Despite the extra sleep I'd had, I still had to be woken the next morning. Whilst I was still coming to my senses, everyone was busy making preparations. Due to our late arrival, Ronnie and Darren had allowed us to sleep quite late and the morning was already well under way. Angela was preparing for her long drive whilst Darren and Ronnie were filling coffee flasks and boxes of sandwiches. Breakfast was hurried and we were quickly out on the road. We were heading west to the village of Tongue which was to serve two purposes. There, we would collect our fishing permits but also Ronnie wanted to point Angela towards a much safer road South than the treacherous road she had taken in the dark the night before.

Driving towards Tongue from the east is something quite spectacular. As you take the last left turn towards the outskirts of the village you are faced with the stunning view of Ben Loyal- Queen of Scottish Mountains. On final approach into the village the road descends and the mountain appears to rise until the only way to see it's four magnificent granite peaks is to tilt your head back and literally look up. I have looked upon Loyal many many hundreds of times since that day and yet it has never failed to take my breath away.

We collected our permits and made the twenty minute drive out to the Loch and parked up by the little wood we had identified on the map as being the closest point to where the boat should be moored. As we felt our way through the thick, lichen clad birch trees and knee high ferns- the lack of wind made it stuffy and the midges were biting ferociously. The ground was soggy under foot and laced with holes which would catch us off guard and each of us it seemed, took turns at falling over, each more comically than the last. When we did find ourselves on the ground, the biting flies were the only motivation required to spring back up to our feet and keep walking. The walk was only a few hundred yards but had taken a full ten minutes carrying all our gear as well as the outboard motor. When the last line of trees parted to reveal the first view of the loch we found ourselves standing on a sandy beach. The sun was shining and there was a nice ripple on the water although the breeze was not quite strong enough to keep all the biting insects at bay. The boat like all of the hundreds I have seen since in the Highlands of Scotland was half full of rainwater and just like all the hundreds of boats I have seen since, It was my job to do the bailing. Within twenty minutes or so we were tackled up. The boat was empty, the motor attached and we were ready to go.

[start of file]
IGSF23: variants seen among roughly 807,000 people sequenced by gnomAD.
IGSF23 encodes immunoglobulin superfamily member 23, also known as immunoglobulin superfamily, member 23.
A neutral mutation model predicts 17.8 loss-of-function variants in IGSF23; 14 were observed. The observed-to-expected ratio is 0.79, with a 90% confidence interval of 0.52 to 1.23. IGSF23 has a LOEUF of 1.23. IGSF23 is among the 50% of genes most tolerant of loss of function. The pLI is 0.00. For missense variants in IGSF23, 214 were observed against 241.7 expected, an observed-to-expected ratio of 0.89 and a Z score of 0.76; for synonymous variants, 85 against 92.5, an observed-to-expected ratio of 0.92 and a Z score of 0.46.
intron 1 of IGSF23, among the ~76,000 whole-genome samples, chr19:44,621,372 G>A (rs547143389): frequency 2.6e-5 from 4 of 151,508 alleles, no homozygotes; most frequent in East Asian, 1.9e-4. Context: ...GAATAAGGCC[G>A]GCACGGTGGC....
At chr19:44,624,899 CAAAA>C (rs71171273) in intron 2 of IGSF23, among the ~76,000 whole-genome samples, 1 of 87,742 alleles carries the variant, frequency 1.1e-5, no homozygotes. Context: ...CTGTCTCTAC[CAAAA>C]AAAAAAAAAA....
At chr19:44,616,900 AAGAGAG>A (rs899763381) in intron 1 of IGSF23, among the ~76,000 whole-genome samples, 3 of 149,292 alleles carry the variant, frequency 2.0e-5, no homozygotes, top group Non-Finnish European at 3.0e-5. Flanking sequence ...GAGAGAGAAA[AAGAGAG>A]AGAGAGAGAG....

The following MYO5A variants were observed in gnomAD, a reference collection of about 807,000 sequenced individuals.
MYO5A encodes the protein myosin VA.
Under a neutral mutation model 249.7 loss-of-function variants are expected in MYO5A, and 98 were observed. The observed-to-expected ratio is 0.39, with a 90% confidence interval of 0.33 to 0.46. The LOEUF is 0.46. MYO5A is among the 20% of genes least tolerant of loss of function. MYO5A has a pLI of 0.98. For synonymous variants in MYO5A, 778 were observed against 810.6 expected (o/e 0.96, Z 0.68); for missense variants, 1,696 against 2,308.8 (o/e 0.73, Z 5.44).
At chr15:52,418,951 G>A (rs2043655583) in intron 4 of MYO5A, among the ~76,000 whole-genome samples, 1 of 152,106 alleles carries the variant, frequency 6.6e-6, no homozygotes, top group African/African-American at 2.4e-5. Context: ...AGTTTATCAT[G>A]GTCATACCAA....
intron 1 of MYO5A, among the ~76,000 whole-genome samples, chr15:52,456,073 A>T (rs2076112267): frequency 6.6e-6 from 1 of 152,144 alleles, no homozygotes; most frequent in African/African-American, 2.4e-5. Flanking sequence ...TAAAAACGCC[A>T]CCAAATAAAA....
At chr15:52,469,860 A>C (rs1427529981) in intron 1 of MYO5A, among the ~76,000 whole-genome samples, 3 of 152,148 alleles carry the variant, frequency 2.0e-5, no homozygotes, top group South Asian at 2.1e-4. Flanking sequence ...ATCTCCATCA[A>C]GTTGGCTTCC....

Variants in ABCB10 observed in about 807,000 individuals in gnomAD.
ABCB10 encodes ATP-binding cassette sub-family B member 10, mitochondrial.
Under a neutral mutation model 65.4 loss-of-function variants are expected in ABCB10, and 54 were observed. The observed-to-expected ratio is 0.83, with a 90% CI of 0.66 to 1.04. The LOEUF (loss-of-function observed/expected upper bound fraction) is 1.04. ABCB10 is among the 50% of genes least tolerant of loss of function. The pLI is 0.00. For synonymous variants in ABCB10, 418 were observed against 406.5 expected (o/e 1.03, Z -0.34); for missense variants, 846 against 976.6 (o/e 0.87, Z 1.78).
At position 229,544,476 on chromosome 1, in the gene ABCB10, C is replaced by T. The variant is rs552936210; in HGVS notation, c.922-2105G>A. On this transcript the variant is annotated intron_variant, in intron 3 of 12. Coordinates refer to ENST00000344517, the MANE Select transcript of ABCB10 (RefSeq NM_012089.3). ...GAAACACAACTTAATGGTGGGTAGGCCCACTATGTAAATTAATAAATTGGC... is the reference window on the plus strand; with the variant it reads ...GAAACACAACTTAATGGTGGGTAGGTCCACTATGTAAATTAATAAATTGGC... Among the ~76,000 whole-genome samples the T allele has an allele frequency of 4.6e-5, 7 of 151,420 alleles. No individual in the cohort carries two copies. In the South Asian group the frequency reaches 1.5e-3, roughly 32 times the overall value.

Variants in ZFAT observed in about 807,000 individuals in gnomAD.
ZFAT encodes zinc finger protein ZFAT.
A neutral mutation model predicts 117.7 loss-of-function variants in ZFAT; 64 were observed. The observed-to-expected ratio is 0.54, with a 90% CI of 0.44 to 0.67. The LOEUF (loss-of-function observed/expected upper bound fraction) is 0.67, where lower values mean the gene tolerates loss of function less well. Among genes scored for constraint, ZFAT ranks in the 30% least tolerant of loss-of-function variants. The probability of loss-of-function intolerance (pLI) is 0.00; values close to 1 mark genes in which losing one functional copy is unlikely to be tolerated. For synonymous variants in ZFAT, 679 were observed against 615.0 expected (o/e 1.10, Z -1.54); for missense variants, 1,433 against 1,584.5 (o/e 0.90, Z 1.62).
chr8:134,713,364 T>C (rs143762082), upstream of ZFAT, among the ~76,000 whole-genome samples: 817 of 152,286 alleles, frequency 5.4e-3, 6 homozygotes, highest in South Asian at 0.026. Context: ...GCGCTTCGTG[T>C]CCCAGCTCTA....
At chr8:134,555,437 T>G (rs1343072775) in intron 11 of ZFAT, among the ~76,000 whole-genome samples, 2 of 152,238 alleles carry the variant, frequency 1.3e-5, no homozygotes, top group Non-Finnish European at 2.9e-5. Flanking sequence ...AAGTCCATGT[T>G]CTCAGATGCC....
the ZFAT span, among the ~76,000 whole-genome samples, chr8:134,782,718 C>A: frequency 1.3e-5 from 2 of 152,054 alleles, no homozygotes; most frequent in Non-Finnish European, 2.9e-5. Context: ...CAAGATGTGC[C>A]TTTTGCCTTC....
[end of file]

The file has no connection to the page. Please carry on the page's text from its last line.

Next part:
Well not exactly.

You see, Darren had brought a video camera to capture our week on film. He'd decided that he wanted a shot of our heros rowing away towards their great adventure taming the wild beasts of the loch. So he set the camera up on a tripod at the mooring and hit record. We jumped in the boat and I started rowing. It was really tough rowing as the loch was shallow for a long distance out. The loch is part of a network of lochs and the interconnecting river had been filling this end of the loch up with sand from further up the system for countless millenia. I seemed to be rowing for an age before our director finally declared that he probably had his shot and so I could turn around for us to retreive the camera.

2Due to our late start, it was nearly noon by the time we were afloat. Conditions were less than ideal, the Sun was beating down and the wind would come and go but we managed enough sport to keep our minds from wandering too far and also provide some “action shots” for the feature film. We covered most of the far side of the loch, finding little pockets of fish. When there was little or no wind we would pick up the odd trout on size 12 and 10 palmers. Darren as I recall, was finding them with a muddler of the same size. I caught two good ones when the breeze got up on a red tag.
During the hottest part of the day, the trout became less cooperative so we beached the boat on a sandy part of the shore for an extended lunch break.